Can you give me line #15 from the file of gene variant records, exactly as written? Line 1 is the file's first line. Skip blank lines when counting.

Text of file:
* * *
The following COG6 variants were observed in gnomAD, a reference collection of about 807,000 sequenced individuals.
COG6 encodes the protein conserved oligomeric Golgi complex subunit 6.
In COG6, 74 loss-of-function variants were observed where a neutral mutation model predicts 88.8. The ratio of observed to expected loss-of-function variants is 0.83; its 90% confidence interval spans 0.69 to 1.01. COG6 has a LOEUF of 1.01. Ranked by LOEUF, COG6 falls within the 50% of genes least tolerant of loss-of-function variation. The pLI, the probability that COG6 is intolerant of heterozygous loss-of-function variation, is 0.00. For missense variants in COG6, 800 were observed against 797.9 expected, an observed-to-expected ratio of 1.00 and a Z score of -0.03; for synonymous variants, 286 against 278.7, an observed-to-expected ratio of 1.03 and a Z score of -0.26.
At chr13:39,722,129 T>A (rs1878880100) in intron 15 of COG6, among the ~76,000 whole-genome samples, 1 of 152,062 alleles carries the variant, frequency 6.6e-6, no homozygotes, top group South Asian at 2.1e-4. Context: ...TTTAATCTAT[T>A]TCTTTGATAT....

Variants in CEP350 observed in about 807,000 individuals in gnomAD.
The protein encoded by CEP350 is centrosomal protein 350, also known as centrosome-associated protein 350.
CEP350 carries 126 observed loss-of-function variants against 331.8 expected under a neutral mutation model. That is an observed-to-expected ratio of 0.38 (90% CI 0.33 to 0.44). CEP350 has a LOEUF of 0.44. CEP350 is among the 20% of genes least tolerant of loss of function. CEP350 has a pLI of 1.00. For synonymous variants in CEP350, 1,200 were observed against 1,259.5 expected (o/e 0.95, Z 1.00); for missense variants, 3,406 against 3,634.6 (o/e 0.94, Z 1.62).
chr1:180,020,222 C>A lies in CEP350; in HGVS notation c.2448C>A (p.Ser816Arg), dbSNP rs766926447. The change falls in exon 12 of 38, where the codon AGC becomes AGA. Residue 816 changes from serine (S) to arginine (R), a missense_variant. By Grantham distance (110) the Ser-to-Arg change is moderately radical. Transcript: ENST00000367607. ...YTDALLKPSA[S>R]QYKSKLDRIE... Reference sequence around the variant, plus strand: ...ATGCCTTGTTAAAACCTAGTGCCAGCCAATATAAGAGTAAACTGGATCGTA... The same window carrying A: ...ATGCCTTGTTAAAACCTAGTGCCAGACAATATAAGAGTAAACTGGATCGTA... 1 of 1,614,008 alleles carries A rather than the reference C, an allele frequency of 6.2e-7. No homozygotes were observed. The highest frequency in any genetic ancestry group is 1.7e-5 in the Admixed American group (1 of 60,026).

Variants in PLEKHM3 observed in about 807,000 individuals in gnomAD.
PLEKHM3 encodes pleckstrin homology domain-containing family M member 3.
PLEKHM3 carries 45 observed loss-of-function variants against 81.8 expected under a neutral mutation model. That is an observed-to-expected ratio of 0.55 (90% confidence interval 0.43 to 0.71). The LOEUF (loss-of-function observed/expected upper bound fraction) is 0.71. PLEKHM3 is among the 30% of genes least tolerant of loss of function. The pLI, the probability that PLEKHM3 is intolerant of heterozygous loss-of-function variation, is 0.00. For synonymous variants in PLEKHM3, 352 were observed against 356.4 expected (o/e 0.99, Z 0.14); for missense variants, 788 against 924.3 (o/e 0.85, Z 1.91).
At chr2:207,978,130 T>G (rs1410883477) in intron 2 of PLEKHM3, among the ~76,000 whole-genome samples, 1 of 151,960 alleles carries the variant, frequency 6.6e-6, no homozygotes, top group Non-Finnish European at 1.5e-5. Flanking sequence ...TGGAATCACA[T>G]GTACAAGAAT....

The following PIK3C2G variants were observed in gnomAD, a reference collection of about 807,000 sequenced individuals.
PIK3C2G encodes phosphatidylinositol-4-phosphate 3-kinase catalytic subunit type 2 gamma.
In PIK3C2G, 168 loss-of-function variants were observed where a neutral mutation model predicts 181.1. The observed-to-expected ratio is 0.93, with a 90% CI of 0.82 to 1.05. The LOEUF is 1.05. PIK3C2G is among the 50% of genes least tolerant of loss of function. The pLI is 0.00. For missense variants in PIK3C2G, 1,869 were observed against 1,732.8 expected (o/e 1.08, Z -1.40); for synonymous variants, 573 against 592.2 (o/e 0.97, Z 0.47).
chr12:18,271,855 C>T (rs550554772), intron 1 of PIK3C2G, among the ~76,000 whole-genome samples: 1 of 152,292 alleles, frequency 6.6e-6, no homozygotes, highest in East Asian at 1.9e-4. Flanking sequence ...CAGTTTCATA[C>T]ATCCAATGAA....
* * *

In PIK3C2G, 168 loss-of-function variants were observed where a neutral mutation model predicts 181.1. The observed-to-expected ratio is 0.93, with a 90% CI of 0.82 to 1.05. The LOEUF is 1.05. PIK3C2G is among the 50% of genes least tolerant of loss of function. The pLI is 0.00. For missense variants in PIK3C2G, 1,869 were observed against 1,732.8 expected (o/e 1.08, Z -1.40); for synonymous variants, 573 against 592.2 (o/e 0.97, Z 0.47).